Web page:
Zoologist, media consultant, and science writer, Dr Karl Shuker is also one of the best known cryptozoologists in the world. He is the author of such seminal works as Mystery Cats of the World (1989), The Lost Ark: New and Rediscovered Animals of the 20th Century (1993; greatly expanded in 2012 as The Encyclopaedia of New and Rediscovered Animals), Dragons: A Natural History (1995), In Search of Prehistoric Survivors (1995), The Unexplained (1996), From Flying Toads To Snakes With Wings (1997), Mysteries of Planet Earth (1999), The Hidden Powers of Animals (2001), The Beasts That Hide From Man (2003), Extraordinary Animals Revisited (2007), Dr Shuker's Casebook (2008), Karl Shuker's Alien Zoo: From the Pages of Fortean Times (2010), Cats of Magic, Mythology, and Mystery (2012), Mirabilis: A Carnival of Cryptozoology and Unnatural History (2013), Dragons in Zoology, Cryptozoology, and Culture (2013), The Menagerie of Marvels (2014), A Manifestation of Monsters (2015), Here's Nessie! (2016), and what is widely considered to be his cryptozoological magnum opus, Still In Search Of Prehistoric Survivors (2016) - plus, very excitingly, his first two long-awaited, much-requested ShukerNature blog books (2019, 2020).

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Tuesday, 5 May 2015


The deceptive 'dragonet' photo doing the rounds online (photo-manipulation originator unknown).

The photograph opening this present ShukerNature blog article has been brought to my attention on numerous occasions with requests as to whether the animal that it depicts is real.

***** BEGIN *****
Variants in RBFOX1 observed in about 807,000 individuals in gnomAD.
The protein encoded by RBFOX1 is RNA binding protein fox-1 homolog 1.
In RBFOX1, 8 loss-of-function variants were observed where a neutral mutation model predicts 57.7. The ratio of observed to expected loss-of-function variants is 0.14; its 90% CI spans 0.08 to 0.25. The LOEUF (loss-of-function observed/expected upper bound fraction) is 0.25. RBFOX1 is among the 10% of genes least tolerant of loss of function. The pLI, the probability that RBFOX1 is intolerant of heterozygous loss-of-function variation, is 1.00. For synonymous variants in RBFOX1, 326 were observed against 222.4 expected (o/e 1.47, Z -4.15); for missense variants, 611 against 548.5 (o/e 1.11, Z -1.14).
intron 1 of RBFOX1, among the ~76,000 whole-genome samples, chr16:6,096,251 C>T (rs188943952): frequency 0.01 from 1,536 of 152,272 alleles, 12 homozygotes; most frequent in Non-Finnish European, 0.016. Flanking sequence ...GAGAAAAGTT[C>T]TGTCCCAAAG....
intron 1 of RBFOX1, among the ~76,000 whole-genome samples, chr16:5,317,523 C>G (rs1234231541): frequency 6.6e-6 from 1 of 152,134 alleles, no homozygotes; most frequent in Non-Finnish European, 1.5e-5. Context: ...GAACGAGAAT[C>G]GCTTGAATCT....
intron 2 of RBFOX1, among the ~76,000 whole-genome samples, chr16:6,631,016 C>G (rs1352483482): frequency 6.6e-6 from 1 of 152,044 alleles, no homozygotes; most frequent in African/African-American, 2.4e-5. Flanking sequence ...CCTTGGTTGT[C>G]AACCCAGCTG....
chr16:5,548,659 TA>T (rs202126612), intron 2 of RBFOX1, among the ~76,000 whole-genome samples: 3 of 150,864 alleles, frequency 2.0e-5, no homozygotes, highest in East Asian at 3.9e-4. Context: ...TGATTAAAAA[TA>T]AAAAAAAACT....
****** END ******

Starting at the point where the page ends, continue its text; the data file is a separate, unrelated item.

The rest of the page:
Some have wondered whether it may be a species of flying dragon Draco sp. – i.e. one of those famous little agamid lizards (up to 8 in long) native to southeastern Asia whose greatly elongated ribs are connected to one another on each side of its body by a wing-like membrane that enables the creature to glide passively (though not actively fly) through the air after leaping from the trunk or branch of a tree.

Beautiful 19th-Century engraving of flying dragons Draco volans (public domain)

I have even received enquiries as to whether this photograph was of a real species of dragon, or, alternatively, some gliding lizard-like reptile that had mysteriously survived from prehistoric times into the present day. None of these options is correct, of course, though there were indeed at least three notable and very different types of gliding lizard-like reptile alive at one time or another in the ancient world.

Although unrelated to the modern-day Draco agamids, Kuehneosaurus latus was outwardly similar, inasmuch as it too possessed wing-like gliding membranes consisting of elongated ribs interconnected on each side by a membrane. However, recent aerodynamic studies indicate that it used these 'wings' not for gliding but rather for parachuting. Up to 2.3 ft long, this species was formally described and named in 1962 by P.L. Robinson, and existed in southwest England during the late Triassic Period, around 237-201 million years ago.

Restoration of Kuehneosuchus latissimus (left) and Kuehneosaurus latus (right) in life (© Nobu Tamura-Wikipedia)

So too did a much longer-'winged' relative, Kuehneosuchus latissimus, also formally described in 1967 by Robinson, although some researchers have suggested that this latter species may simply have been a sexual morph of Kuehneosaurus, but adapted for true gliding rather than merely parachuting. These two species (if indeed they are separate species) are the most advanced members of the small taxonomic family Kuehneosauridae, which is housed within a long-extinct order of archaic reptiles known as eolacertilians or dawn lizards.